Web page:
nowadays the ecu will be able to adjust a lot for the range of octanes, but you'll get the 'best' result from a specific octane. And that's where i'm stuck: the manual in Australia (P.273) says Super unleaded, then gives the RON for premium unleaded.

i'll have to look up the standard...
magnets is offline  
post #8 of 13 (permalink) Old 08-13-2019, 08:11 AM
QCS

Super-Moderator

 
QCS's Avatar
 
Join Date: Apr 2019
Location: Charlotte, NC
Posts: 244
The problem with lower octane number would be detonation and the horrible damage it can and will cause an engine, if sustained. Melted pistons with holes punched through their crowns is a sight to behold. Detonation doesn't do any good to bearings as well. Otherwise, using a good quality, clean fuel should be fine, even if it is of lower octane. Higher octane will allow advancing the ignition, which is important, mainly, in high rpm.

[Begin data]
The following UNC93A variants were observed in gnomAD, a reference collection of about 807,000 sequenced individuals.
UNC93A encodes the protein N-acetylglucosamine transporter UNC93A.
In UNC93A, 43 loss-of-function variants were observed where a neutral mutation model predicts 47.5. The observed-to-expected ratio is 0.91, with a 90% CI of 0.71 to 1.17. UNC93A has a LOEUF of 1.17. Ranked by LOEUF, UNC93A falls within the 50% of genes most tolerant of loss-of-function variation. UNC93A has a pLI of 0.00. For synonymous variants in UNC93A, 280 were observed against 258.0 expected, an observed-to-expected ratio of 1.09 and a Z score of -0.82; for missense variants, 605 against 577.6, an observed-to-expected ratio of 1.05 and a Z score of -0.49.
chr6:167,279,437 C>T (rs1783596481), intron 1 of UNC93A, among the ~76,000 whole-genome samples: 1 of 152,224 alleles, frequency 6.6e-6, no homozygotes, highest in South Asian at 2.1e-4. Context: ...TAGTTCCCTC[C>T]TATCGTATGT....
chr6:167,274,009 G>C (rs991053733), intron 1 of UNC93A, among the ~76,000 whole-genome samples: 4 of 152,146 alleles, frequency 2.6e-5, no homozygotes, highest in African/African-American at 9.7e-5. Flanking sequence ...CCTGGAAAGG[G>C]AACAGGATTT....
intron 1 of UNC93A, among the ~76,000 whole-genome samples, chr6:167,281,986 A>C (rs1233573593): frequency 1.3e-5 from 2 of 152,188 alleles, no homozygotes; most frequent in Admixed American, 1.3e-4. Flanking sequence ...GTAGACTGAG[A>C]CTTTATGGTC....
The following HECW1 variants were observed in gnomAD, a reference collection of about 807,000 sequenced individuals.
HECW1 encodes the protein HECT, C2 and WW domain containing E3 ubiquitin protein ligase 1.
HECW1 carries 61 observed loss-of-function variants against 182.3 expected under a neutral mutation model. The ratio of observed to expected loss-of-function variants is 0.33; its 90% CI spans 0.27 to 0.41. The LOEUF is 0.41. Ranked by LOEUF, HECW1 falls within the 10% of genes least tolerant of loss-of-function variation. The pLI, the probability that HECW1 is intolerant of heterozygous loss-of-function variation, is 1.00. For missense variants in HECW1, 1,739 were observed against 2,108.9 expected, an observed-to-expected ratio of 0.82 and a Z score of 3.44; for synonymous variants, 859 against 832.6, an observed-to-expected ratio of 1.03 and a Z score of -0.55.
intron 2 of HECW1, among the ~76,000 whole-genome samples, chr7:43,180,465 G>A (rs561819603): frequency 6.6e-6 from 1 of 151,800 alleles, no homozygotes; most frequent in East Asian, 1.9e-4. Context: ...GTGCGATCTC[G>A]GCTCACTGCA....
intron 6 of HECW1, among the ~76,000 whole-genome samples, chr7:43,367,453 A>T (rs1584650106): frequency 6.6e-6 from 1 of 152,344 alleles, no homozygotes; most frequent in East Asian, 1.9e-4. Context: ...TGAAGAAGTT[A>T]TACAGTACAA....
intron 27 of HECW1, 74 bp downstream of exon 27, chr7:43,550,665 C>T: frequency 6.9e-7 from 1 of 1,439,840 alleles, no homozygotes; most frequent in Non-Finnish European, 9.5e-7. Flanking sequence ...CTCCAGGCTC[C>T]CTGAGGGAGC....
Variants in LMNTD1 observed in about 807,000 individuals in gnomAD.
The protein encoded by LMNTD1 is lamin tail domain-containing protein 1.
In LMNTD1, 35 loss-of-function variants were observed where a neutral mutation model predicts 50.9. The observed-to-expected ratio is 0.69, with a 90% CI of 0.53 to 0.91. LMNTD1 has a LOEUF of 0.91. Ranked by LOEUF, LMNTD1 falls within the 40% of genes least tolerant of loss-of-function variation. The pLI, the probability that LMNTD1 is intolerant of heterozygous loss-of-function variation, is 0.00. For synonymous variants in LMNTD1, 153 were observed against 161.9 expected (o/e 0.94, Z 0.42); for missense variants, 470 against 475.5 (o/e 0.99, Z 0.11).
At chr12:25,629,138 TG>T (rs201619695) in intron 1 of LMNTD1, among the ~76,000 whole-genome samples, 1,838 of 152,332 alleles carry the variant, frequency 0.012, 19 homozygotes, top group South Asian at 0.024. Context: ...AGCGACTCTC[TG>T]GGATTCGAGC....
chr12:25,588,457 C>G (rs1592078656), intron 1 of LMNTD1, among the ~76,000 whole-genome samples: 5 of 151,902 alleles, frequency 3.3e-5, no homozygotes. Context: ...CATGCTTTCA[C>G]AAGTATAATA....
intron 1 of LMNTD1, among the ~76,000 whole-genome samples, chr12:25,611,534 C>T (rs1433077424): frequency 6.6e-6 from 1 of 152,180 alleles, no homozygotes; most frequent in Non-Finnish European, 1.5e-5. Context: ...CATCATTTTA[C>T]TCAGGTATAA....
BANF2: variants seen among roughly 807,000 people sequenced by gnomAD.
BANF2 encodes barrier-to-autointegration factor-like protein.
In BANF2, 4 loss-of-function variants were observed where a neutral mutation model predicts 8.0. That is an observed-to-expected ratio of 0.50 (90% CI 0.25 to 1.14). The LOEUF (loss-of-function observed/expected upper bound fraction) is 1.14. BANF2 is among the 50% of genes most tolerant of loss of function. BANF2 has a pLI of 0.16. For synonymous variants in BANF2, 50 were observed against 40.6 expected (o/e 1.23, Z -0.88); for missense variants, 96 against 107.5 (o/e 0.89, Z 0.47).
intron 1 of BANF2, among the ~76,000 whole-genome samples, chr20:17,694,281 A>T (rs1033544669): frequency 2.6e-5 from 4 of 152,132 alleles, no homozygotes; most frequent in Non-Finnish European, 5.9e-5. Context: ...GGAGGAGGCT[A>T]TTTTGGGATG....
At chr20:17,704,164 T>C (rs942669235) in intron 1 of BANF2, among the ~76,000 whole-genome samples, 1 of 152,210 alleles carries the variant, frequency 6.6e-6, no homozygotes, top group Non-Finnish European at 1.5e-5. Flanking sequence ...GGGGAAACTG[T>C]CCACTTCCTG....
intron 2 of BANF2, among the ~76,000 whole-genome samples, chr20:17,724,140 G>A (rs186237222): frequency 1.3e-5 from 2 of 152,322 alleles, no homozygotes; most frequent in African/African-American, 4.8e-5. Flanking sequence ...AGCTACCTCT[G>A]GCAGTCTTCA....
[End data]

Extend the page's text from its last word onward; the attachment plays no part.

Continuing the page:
In the good old days, detonation used to pose much more of a problem, as a lot of the parameters were "built into the engine" and had a very limited range of fixed adjustment. it ran a single, simple 2D ignition curve that managed the degrees of advance as a function of RPM. That means that you had to tune an engine to perform best based on the worst case scenario and sacrifice other operating points. For example, the your max ignition advanced for a high revving, high compression engine was based on performance in the upper rev range. This would sacrifice low and mid range power generation.

With today's ECU controlled fuel injection and ignition, there is much less of a problem, as the ECU can react to pinging (and other sensor data) and very quickly adjust parameters to avoid it (mainly by retarding ignition or changing fuel amounts or air/fuel ratio). The main issue would be that an engine designed to produce a certain power output on a high octane fuel will, most probably produce less.